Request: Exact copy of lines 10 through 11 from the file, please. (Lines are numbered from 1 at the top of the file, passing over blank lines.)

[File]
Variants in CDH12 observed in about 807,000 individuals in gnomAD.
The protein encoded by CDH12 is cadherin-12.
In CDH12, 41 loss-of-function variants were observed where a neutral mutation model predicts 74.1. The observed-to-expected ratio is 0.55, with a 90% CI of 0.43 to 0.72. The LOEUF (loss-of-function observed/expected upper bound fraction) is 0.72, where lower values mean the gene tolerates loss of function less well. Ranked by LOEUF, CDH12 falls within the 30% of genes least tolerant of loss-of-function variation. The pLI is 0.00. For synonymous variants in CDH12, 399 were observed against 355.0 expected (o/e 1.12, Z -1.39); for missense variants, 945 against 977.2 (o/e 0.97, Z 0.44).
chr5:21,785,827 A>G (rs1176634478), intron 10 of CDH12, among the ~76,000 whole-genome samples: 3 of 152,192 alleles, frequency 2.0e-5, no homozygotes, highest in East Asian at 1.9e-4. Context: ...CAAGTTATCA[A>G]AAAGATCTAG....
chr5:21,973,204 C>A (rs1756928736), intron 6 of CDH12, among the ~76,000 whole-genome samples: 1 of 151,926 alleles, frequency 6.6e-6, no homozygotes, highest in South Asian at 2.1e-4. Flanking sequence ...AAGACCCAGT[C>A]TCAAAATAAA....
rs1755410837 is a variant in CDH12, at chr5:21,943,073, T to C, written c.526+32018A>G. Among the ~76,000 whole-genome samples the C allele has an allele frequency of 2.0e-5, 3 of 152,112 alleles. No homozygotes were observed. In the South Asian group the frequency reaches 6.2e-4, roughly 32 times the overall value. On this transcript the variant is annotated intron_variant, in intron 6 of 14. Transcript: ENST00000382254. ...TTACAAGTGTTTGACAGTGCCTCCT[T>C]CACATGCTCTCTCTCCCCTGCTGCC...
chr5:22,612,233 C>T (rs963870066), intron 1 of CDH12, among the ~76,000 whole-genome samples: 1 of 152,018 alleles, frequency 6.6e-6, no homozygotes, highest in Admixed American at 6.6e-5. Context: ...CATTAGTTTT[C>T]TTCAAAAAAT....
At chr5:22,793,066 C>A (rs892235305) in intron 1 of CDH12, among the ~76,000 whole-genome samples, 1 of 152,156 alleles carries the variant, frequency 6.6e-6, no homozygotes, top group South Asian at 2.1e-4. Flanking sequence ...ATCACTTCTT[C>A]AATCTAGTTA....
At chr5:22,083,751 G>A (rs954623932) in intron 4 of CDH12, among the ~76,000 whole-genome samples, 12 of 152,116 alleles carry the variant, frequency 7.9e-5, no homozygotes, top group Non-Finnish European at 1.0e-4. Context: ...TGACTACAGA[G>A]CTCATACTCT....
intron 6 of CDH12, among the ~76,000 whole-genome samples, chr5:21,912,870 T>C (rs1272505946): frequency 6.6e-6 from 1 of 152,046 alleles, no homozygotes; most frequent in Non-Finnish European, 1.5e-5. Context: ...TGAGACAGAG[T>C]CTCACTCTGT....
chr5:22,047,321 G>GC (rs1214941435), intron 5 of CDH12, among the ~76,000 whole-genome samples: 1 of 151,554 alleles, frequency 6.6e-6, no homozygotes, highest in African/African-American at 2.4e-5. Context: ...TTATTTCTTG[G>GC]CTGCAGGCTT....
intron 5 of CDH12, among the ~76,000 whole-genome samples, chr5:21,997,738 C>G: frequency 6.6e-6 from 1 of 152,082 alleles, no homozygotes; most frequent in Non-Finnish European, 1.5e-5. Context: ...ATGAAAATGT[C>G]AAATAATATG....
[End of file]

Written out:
intron 6 of CDH12, among the ~76,000 whole-genome samples, chr5:21,912,870 T>C (rs1272505946): frequency 6.6e-6 from 1 of 152,046 alleles, no homozygotes; most frequent in Non-Finnish European, 1.5e-5. Context: ...TGAGACAGAG[T>C]CTCACTCTGT....
chr5:22,047,321 G>GC (rs1214941435), intron 5 of CDH12, among the ~76,000 whole-genome samples: 1 of 151,554 alleles, frequency 6.6e-6, no homozygotes, highest in African/African-American at 2.4e-5. Context: ...TTATTTCTTG[G>GC]CTGCAGGCTT....